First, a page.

I am not a musical, I am a human being
The tragically stricken John Merrick, whose unfortunate illness and desperate quest for acceptance captured the sympathy of the world, gets no respect in the gleefully silly musical "The Elephant Man: The Musical."
By ROBIN EISGRAU
No we're not kidding: the story of famed and deformed Englishman John
Merrick has been set to music.
Instead of being, say, a somber meditation on
Merrick's quest for acceptance in the face of his disfigurement, "The
Elelphant Man: The Musical" opts for humor and puts an unabashedly goofy
spin on Merrick's tale, portraying him as a misunderstood chap who longs
to be a star on the Broadway stage.
There's a cartoony flavor running
through the show as Merrick's disfigurement is represented by what looks
like a mutated day-glo pink plastic helmet that sports a slinky and plunger
among its overgrown brain shape. Everything gets played for laughs: the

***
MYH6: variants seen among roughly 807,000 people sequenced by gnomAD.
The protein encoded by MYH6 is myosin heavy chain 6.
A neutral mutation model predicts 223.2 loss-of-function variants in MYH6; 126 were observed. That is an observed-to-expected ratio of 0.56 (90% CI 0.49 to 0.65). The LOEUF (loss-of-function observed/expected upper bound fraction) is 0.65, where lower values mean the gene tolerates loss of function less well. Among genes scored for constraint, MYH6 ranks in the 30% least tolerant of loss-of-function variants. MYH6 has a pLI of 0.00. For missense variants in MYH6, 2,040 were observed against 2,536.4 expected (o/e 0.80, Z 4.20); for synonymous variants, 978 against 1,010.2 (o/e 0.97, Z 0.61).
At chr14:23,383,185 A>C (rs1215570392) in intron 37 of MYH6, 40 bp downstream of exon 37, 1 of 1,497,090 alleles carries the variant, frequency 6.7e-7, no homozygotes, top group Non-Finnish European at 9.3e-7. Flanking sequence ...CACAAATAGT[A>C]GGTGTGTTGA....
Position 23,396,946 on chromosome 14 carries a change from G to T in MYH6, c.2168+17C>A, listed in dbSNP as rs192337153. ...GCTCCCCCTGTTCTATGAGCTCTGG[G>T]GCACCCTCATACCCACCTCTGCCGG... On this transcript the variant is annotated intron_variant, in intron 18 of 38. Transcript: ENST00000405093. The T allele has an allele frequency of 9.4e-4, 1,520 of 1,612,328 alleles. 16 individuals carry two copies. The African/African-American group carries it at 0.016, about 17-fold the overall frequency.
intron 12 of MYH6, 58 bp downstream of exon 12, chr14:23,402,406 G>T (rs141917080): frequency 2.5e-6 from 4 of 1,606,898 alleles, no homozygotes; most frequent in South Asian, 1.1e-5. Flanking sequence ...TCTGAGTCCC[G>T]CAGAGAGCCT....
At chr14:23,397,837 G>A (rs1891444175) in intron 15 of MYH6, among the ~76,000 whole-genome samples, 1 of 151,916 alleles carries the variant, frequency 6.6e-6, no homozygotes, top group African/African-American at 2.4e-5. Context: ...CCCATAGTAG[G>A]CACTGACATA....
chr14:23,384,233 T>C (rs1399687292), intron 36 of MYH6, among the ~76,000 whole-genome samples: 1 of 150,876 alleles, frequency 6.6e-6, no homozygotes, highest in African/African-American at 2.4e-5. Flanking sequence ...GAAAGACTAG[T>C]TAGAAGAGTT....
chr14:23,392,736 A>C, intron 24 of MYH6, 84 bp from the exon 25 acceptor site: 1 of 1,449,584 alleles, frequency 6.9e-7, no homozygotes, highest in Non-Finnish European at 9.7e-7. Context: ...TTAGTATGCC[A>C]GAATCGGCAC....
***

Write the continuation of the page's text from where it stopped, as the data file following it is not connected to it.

proprietor of the freak show Merrick is trapped in is a sex maniac and Dr.
James Lipscomb, the doctor who "rescues" him from said show writes
medical-themed romance novels on the side as his prudish assistant goes on a funny
quest to find herself.|
This is a madcap musical within a musical as
Merrick's wish to star on Broadway (after studying books by Charles Nelson
Reilly and William Shatner) comes true courtesy of Lipscomb. The songs in
this show seem to celebrate and make fun of the Broadway genre at the same
time, and it works because the actors seem to be having so much fun on stage.
"The Elephant Man: The Musical" is ribald (there are a lot of sex references),
gleefully silly, and would be enjoyed by anyone who thinks musical theater
takes itself too seriously.
|AUGUST 19, 2001|
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